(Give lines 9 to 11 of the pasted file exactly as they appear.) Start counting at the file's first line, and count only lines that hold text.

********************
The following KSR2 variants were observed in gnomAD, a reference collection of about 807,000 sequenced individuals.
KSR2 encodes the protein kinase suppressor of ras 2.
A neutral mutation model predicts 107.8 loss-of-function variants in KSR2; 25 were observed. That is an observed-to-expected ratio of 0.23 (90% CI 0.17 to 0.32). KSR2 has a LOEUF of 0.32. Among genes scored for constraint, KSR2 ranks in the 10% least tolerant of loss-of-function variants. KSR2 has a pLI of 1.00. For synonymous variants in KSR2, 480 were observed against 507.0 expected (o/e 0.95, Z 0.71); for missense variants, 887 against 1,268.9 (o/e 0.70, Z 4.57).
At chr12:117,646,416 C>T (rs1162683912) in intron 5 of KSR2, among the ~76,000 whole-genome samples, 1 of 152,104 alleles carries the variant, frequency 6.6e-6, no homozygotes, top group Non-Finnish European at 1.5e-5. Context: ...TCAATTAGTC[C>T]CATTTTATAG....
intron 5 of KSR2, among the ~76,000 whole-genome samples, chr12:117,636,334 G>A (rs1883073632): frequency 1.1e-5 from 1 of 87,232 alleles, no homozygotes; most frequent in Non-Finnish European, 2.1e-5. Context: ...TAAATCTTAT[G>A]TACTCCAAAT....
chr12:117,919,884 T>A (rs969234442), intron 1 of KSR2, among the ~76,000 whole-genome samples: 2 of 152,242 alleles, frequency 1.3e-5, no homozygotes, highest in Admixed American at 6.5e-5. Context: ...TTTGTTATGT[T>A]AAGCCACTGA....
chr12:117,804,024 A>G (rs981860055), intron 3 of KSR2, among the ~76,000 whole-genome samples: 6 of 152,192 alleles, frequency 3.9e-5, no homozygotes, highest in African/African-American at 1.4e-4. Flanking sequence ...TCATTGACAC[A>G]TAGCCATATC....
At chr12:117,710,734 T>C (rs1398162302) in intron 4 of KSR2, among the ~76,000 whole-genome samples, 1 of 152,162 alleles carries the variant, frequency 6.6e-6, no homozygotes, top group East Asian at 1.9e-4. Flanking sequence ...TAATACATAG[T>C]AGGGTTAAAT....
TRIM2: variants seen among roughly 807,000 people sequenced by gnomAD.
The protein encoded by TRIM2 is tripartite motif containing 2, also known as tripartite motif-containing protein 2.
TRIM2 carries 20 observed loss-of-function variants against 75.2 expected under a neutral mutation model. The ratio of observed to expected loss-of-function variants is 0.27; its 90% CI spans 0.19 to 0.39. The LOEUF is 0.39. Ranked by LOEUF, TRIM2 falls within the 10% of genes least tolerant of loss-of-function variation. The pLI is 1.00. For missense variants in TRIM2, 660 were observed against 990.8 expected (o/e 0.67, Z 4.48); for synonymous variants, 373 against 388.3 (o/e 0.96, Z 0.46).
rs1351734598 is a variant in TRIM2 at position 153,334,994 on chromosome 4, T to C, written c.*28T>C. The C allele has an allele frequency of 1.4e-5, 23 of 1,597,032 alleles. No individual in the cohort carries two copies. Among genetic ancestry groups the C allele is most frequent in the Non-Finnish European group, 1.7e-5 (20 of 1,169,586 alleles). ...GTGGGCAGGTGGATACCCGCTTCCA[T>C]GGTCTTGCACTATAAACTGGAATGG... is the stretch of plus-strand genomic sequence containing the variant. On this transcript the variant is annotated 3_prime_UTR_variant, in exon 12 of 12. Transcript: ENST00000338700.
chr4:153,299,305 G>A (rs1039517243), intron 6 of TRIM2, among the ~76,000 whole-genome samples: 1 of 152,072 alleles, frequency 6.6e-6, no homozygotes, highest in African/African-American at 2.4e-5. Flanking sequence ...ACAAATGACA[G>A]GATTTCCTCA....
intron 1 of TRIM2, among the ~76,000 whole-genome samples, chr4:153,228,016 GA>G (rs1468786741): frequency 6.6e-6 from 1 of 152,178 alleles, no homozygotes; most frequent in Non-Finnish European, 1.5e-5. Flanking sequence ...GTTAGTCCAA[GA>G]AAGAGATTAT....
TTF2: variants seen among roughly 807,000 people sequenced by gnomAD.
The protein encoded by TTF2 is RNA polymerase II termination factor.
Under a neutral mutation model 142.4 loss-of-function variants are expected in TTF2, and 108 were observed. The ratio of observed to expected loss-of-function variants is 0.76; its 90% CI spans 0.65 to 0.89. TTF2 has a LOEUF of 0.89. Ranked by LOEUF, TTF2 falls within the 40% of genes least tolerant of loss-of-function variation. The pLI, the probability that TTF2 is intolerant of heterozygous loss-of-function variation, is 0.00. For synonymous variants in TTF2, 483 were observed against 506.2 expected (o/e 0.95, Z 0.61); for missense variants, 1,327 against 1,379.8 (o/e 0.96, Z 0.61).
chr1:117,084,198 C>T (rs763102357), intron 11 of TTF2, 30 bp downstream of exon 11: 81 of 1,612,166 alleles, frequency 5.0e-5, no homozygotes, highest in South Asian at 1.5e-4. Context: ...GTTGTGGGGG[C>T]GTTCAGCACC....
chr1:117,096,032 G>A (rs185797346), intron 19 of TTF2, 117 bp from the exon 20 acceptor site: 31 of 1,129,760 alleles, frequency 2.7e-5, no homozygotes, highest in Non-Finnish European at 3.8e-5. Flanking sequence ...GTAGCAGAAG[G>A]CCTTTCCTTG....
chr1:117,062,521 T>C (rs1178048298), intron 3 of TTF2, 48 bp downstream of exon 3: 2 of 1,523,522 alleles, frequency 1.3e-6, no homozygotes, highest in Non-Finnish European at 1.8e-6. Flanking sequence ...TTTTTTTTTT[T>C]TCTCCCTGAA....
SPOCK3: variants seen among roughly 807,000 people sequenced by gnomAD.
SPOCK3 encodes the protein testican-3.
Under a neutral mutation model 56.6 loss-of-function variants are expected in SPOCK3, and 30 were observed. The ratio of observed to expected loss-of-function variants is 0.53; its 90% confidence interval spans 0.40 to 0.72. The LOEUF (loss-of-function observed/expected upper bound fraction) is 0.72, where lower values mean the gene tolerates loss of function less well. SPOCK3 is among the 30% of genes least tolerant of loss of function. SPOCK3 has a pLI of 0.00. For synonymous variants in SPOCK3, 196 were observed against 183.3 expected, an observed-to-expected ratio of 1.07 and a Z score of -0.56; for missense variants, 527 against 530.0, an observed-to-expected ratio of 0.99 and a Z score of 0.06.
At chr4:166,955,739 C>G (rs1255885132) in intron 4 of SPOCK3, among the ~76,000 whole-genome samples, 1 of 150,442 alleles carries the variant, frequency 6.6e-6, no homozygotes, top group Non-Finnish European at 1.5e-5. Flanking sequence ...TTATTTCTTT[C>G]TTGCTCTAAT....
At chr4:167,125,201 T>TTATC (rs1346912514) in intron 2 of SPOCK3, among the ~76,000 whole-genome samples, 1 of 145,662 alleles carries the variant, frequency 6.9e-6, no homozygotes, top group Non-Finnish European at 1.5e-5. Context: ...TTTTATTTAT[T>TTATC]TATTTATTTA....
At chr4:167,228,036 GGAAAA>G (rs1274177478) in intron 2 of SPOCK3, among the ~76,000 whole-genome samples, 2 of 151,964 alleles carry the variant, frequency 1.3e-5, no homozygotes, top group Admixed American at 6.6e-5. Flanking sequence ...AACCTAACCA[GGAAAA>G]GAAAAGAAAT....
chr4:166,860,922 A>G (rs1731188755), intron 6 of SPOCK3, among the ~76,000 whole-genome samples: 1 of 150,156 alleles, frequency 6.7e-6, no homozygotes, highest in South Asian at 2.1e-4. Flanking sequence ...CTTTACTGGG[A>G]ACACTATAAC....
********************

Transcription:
TRIM2: variants seen among roughly 807,000 people sequenced by gnomAD.
The protein encoded by TRIM2 is tripartite motif containing 2, also known as tripartite motif-containing protein 2.
TRIM2 carries 20 observed loss-of-function variants against 75.2 expected under a neutral mutation model. The ratio of observed to expected loss-of-function variants is 0.27; its 90% CI spans 0.19 to 0.39. The LOEUF is 0.39. Ranked by LOEUF, TRIM2 falls within the 10% of genes least tolerant of loss-of-function variation. The pLI is 1.00. For missense variants in TRIM2, 660 were observed against 990.8 expected (o/e 0.67, Z 4.48); for synonymous variants, 373 against 388.3 (o/e 0.96, Z 0.46).